Friday, September 1, 2017

The world can end now (the Rhubarb Files)

Because I finally found a rhubarb cookie recipe that I like.

Rhubarb and I go way back. (It probably began because Auntie Anselma, God rest her soul, did not put enough sugar in her rhubarb pie. For that matter, neither did Mom, but she used more than Aunt Anselma).

I have never, ever understood rhubarb. I think it is one of the mysteries of the food universe, like tofu. I'm not alone: even the Wizard of Id made regular fun of rhubarb.

Like most rural prairie kids, I grew up thinking that giant rhubarb plants just naturally grew in everybody's gardens (and that everyone had a ten-acre vegetable garden). And because it was a sin to waste food, you had to pick, cook, freeze, preserve and/or eat whatever was edible that grew on your property. And that if you wanted to punish your children, you baked something with rhubarb in it, and called it "dessert."

Later in life, it more or less horrified me to find out that some people DELIBERATELY planted rhubarb in their gardens, and that in some cases they even BOUGHT the plants (you know the zucchini joke? You can tell which people in the grocery store have no friends because they're the ones buying zucchini. Multiply that by ten for rhubarb).

Of course, it would be my luck that everywhere I have lived (yes, even rentals) --if it had so much as a tiny garden patch-- there was a rhubarb plant growing there. And thus remaining true to my frugal prairie roots, I've had the obligation to cook with it. Most years, I am rhubarbed-out after the first or second baking of Rhubarb Crisp.

My daughter (whose husband loves rhubarb: honestly, WHERE do you find a 30-something man who likes rhubarb?) found this recipe and sent me the link (naturally, I would not voluntarily go seeking rhubard recipes online...)

And these cookies are actually good.     

Here's the ingredient list. If you're interested in making them, please visit the lady's website, for the directions.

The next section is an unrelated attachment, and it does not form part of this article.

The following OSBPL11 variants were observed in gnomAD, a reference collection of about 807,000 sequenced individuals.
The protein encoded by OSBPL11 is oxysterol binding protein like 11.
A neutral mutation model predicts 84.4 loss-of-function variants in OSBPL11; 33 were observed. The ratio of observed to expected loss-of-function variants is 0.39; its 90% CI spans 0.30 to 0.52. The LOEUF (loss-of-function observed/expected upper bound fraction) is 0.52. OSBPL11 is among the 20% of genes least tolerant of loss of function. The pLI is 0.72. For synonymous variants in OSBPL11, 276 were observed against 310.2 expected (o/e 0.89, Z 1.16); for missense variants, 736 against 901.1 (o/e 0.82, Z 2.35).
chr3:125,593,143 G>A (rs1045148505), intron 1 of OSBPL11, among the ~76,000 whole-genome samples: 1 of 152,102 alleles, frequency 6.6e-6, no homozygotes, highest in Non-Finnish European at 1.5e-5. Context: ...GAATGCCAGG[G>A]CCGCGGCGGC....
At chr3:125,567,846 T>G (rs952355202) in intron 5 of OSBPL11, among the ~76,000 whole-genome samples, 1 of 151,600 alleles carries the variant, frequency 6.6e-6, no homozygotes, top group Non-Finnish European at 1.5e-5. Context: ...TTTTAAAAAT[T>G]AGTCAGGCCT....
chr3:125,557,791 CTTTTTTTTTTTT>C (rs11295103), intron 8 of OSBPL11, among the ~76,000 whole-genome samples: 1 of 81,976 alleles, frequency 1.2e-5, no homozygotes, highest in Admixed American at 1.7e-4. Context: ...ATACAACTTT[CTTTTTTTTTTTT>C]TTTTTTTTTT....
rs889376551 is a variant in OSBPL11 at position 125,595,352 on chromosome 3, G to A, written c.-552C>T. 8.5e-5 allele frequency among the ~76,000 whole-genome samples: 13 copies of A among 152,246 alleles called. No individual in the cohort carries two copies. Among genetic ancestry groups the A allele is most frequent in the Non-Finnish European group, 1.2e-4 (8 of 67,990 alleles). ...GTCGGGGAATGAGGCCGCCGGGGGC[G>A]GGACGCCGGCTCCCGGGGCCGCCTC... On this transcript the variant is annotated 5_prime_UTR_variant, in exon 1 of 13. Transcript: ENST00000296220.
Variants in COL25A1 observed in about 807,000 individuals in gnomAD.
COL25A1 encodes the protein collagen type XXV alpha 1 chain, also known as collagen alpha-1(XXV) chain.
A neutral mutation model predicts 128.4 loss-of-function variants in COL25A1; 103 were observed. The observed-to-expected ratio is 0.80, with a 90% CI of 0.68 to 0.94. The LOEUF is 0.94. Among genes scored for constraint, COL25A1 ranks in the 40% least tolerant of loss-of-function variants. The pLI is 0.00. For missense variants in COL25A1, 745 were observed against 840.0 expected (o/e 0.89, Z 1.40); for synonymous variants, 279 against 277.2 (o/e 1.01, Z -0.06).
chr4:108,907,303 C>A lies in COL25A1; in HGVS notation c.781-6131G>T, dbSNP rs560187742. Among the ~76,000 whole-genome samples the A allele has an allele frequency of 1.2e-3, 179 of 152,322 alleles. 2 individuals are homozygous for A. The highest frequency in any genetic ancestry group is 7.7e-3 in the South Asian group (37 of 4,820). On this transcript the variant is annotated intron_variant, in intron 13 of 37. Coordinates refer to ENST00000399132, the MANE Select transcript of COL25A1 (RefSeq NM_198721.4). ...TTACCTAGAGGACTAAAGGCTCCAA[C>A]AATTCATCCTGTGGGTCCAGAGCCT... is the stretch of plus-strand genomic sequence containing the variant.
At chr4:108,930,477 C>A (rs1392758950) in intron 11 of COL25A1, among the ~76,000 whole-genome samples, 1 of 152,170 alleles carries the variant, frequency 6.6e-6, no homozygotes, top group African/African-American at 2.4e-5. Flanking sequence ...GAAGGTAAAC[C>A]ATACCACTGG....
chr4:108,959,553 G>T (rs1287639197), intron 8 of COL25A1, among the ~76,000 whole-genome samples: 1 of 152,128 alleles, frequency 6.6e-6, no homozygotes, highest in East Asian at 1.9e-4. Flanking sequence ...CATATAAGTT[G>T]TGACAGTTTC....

And yeah, I KNOW summer is over, and rhubarb will be hard to come by. I started writing this post last June. 

Rhubarb Oatmeal Cookies


1/2 c
butter, softened

3/4 c
brown sugar, firmly packed

1/2 c

2 large

1 1/2 tsp
pure vanilla extract

1 3/4 c

1 tsp

1/2 tsp
freshly grated nutmeg (optional)

1 tsp
baking soda

1 tsp

3 c
old fashioned oats

3 c
rhubarb, finely chopped 

1 c
white chocolate chips

3/4 c
walnuts, chopped (optional)
For starters, I must confess: I had no white chocolate chips, so I had to substitute chopped white baking chocolate (and it didn't amount to a whole cup). Next time I will make sure I have all the white chocolate it calls for. Secondly, I forgot to put in the baking soda. Just forgot. That happens when you're over 50. 

The dough was STIFF. I used my lovely Breville stand mixer, but at the very end, I had to finish it off with my large Danish Dough Whisk. (I say "large" because I have a small one too. Do you have a Danish Dough Whisk? If not, your life in incomplete, but that is a story for another blog post.).

The directions said to drop by 'large' spoonfuls, but I think mine were too large. I used my 2" cookie scoop. As you can see below, the cookies browned significantly on the sides, yet were still too moist (ie partially raw) inside. 

But they were truly yummy. The next time I made them, I flattened them slightly with a floured fork (as you do for peanut butter cookies), and that allowed them to bake more evenly. They don't spread out much, and I assume that's because of the relatively low fat content. 

The third time I made them, I reduced the sugar (oh gosh, I'm channeling Aunt Anselma!), and my advice is: don't reduce the sugar, unless you want something more like a breakfast cookie. 

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